The stock on the Savage is better equipped than the Ruger for those who want to add an optic. On top of the integrated cheek riser, I found it ergonomically more comfortable, as well with less felt recoil, than the Ruger. Overall, the Savage is one inch longer and about a half-pound heavier than the Ruger, though both felt nearly identical in weight.
Function & Accuracy
Feeding and functioning was perfect from the box-fed Savage magazines. My only real complaint with the proprietary Savage magazines is that they are proprietary versus being AICS magazine compatible like the Ruger Scout Rifle. For someone with a couple other bolt guns with AICS magazines, this may alone be a deal breaker.
The adjustable Savage AccuTrigger on the Model 11 is really very impressive. The trigger weight is adjustable from around 2 to 6 pounds. However, I would leave it set at the factory 2.25-pound weight (as measured by my Timney trigger gauge.) As is, the trigger is amazing when compared to the crunchy Ruger trigger.
Savage made a name for itself in the accuracy department and this scout rifle format delivered good accuracy for the $800 price tag. I think it would be an epic head-to-head battle between the Ruger Scout Rifle and the Savage Model 11 Scout to determine which could deliver better accuracy out of the box. I spent the better part of an afternoon attempting to show a clear winner, but I was unsuccessful. Both of these guns will easily deliver 1.25-inch 100-yard groups. Likewise, I have personally seen both of these guns deliver touching five-shot .5-inch groups. I would really not say that either has the advantage from an accuracy perspective, but I do feel confident the Savage Model 11 will deliver consistent 1 – 1.25-inch 100-yard groups with good ammo.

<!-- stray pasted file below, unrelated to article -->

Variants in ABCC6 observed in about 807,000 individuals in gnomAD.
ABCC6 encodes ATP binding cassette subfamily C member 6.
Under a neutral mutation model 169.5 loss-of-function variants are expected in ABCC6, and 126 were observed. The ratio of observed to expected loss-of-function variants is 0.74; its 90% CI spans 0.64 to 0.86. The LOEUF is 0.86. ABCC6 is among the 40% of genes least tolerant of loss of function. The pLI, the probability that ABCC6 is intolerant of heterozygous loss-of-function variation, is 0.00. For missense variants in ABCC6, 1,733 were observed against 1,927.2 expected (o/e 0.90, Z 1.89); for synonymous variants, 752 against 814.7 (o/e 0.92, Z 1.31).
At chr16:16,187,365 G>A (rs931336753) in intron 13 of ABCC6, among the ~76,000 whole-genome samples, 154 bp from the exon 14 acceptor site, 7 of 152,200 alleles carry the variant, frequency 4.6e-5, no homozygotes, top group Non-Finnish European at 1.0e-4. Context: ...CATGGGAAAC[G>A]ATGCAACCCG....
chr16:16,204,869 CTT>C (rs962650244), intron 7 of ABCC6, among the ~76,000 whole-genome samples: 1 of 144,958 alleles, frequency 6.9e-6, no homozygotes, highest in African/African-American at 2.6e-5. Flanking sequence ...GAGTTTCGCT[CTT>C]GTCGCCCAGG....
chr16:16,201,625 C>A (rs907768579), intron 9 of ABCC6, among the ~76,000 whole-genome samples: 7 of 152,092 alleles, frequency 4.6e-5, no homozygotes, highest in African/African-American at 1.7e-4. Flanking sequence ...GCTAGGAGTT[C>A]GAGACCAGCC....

With a better factory trigger, stock, sights, brake, included adjustable cheek rest, and lower price, the Savage Arms Model 11 Scout Rifle is sure to please Savage loyalist and potentially convert many Ruger customers. Out of the box, it is easier to shoot and better equipped.
Notably, the Savage AccuTrigger is leagues better than the factory Ruger Scout trigger. My only significant complaint with the Savage Model 11 Scout Rifle is the proprietary Savage magazines. As a guy that has a bunch of rifles that accept AICS compatible .308 magazines, it makes my eyes roll that I need to go out and buy more mags for the Savage. Many will note that you can buy a lot of ammo and spare magazines for the $300 price difference between the two rifles.
|Savage Model 11 Scout – .308 Winchester
|Adjustable iron sights
|Includes a one-piece rail
|.308 Win. (Other Calibers reportedly planned)
|Rate of Twist
Since many will wonder whether the Model 11 can be a good suppressor host—it is. After attaching my Asymmetric LYNX suppressor, the Savage Model 11 Scout Rifle was a quiet and tame beast which delivered easy .75-inch 100-yard groups with the pictured Federal Gold Match ammo. Actually, it was “lovely to shoot.”
The Cooper Scout Rifle concept notates useable accuracy sufficient for the application and the Savage Model 11 Scout delivers easily on that concept. The Model 11 is a rifle that can do everything and serve as that single rifle for everything that can hunt any North American game. I think Savage nailed the concept with the Model 11 Scout Rifle.
Ruger, Savage, or Steyr, which one is your favorite scout rifle? Share your answer and why in the comment section.
Major Pandemic is an editor at large who loves everything about shooting, hunting, the outdoors, and all those lifesaving little survival related products. His goal is simple, tell a good story in the form of a truthful review all while having fun. He contributes content to a wide variety of print and digital magazines and newsletters for companies and manufacturers throughout the industry with content exposure to over 2M readers monthly. www.MajorPandemic.com